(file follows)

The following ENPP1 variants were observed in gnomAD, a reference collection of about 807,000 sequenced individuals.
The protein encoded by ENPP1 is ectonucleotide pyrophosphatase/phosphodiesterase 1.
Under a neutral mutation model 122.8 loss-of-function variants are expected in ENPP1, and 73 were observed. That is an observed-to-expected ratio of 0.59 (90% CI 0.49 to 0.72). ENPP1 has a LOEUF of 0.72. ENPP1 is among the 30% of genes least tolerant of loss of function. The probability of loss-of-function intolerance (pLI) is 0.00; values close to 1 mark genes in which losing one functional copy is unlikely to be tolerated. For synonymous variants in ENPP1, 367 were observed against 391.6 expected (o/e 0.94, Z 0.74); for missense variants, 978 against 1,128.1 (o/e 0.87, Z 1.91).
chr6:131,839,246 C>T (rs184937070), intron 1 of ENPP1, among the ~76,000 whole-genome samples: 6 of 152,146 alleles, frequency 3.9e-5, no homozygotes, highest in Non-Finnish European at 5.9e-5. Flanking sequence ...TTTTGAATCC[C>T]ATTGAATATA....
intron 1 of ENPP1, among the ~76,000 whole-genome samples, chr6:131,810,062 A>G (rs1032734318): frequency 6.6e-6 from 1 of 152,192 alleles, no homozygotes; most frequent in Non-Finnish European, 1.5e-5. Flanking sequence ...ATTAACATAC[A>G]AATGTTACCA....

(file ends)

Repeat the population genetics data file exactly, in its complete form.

The following ENPP1 variants were observed in gnomAD, a reference collection of about 807,000 sequenced individuals.
The protein encoded by ENPP1 is ectonucleotide pyrophosphatase/phosphodiesterase 1.
Under a neutral mutation model 122.8 loss-of-function variants are expected in ENPP1, and 73 were observed. That is an observed-to-expected ratio of 0.59 (90% CI 0.49 to 0.72). ENPP1 has a LOEUF of 0.72. ENPP1 is among the 30% of genes least tolerant of loss of function. The probability of loss-of-function intolerance (pLI) is 0.00; values close to 1 mark genes in which losing one functional copy is unlikely to be tolerated. For synonymous variants in ENPP1, 367 were observed against 391.6 expected (o/e 0.94, Z 0.74); for missense variants, 978 against 1,128.1 (o/e 0.87, Z 1.91).
chr6:131,839,246 C>T (rs184937070), intron 1 of ENPP1, among the ~76,000 whole-genome samples: 6 of 152,146 alleles, frequency 3.9e-5, no homozygotes, highest in Non-Finnish European at 5.9e-5. Flanking sequence ...TTTTGAATCC[C>T]ATTGAATATA....
intron 1 of ENPP1, among the ~76,000 whole-genome samples, chr6:131,810,062 A>G (rs1032734318): frequency 6.6e-6 from 1 of 152,192 alleles, no homozygotes; most frequent in Non-Finnish European, 1.5e-5. Flanking sequence ...ATTAACATAC[A>G]AATGTTACCA....